I’ve been taken to task for not weighing in on the kerfuffle about whether people on ARVs can pass on HIV. In case you haven’t been following the debate, the Swiss AIDS Commission has reviewed studies of couples where one partner has HIV and the other doesn’t, and has looked at HIV transmission with and without antiretroviral treatment. They conclude that
1) IF a person takes their meds religiously
2) AND IF they are under medical observation
3) AND IF that observation shows their viral load has been undetectable (fewer than 40 viral copies per ml of blood) for six months continuously
4) AND IF they don’t have another sexually transmitted infection
THEN there’s no risk that they will pass on HIV in sex.
Needless to say, there has been a lot of comment about this here, for example, and here, and here. For my money, the most sensible comment comes from Rex Wockner who points out, quite correctly, that the Swiss usually do their homework pretty thoroughly. So they’re probably right, but should that make anyone throw out the condoms with an untested partner? Of course not. Unless you have some preternatural way of telling that all the IFs are in order. Which none of us do.
The reaction from WHO and UNAIDS is predictably mealy-mouthed. They can’t quite bring themselves to say that the Swiss are right, any more than they can bring themselves to say that the risk of HIV transmission in oral sex for anyone who doesn’t have suppurating mouth wounds is basically zero. The fear is that people might interpret the Swiss statement to mean: if you’re on treatment, you’re not infectious. In other words. they’ll forget about the other IFs. It’s a patronising view: people cannot be trusted to digest the information and make informed choices. As in: “This guy tells me he’s on treatment and he’s good about taking his meds, but then I told him I was on the pill, so…. ”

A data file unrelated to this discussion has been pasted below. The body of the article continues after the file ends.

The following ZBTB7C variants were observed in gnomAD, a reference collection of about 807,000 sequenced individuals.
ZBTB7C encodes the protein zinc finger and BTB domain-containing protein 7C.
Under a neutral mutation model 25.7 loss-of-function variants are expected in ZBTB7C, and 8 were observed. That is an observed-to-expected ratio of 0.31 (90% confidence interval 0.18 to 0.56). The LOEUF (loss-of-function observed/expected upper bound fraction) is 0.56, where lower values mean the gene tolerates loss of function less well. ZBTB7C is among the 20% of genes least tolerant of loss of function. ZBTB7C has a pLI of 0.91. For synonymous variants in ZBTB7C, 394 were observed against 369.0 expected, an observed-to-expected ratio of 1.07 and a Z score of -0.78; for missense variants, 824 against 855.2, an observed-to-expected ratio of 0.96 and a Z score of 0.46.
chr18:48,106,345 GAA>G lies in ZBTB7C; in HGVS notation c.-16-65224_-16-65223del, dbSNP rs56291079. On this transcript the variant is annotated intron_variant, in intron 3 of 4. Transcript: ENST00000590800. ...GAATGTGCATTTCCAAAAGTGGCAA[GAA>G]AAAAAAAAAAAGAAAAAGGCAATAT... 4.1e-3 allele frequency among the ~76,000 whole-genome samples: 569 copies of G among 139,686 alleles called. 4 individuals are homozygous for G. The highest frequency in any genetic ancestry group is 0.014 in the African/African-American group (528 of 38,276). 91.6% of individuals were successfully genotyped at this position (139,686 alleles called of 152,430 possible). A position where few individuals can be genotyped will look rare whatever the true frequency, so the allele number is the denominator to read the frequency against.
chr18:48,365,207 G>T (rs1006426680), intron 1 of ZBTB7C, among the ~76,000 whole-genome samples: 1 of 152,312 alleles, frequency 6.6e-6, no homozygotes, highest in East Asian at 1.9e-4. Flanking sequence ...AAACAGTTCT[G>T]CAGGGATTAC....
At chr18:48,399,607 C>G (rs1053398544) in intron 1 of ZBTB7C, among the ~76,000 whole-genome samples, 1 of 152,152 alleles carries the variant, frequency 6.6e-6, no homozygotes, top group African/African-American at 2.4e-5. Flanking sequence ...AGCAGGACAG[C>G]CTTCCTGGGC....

We’ve been caught out by this many times before. Pretend everything is equally risky, and people will go ahead do dumb things across the board. Let people know exactly what the risks are, and they’ll often choose their dumb things more carefully. If we know that an infected person with good adherence to drugs and excellent medical care can have sex without condoms without endangering their partner, shouldn’t we tell them that? As the Swiss paper says: let the HIV negative partner decide if they want to use extra protection.
It is perhaps worth stressing, though, that all the data they reviewed came from studies in heterosexuals. One exception was a paper from San Fransisco suggesting that HIV incidence was falling among gay men since the initiation of treatment.(Porco st al, 2004) which has sadly since been overtaken by events. In other words, we can’t be quite so sure that a viral load of below 40 copies/ml protects against transmission in anal sex, let alone in injecting, both of which are more efficient than vaginal sex.
There’s something else in the Swiss paper that people haven’t been twittering about, but that I think is really interesting. More here.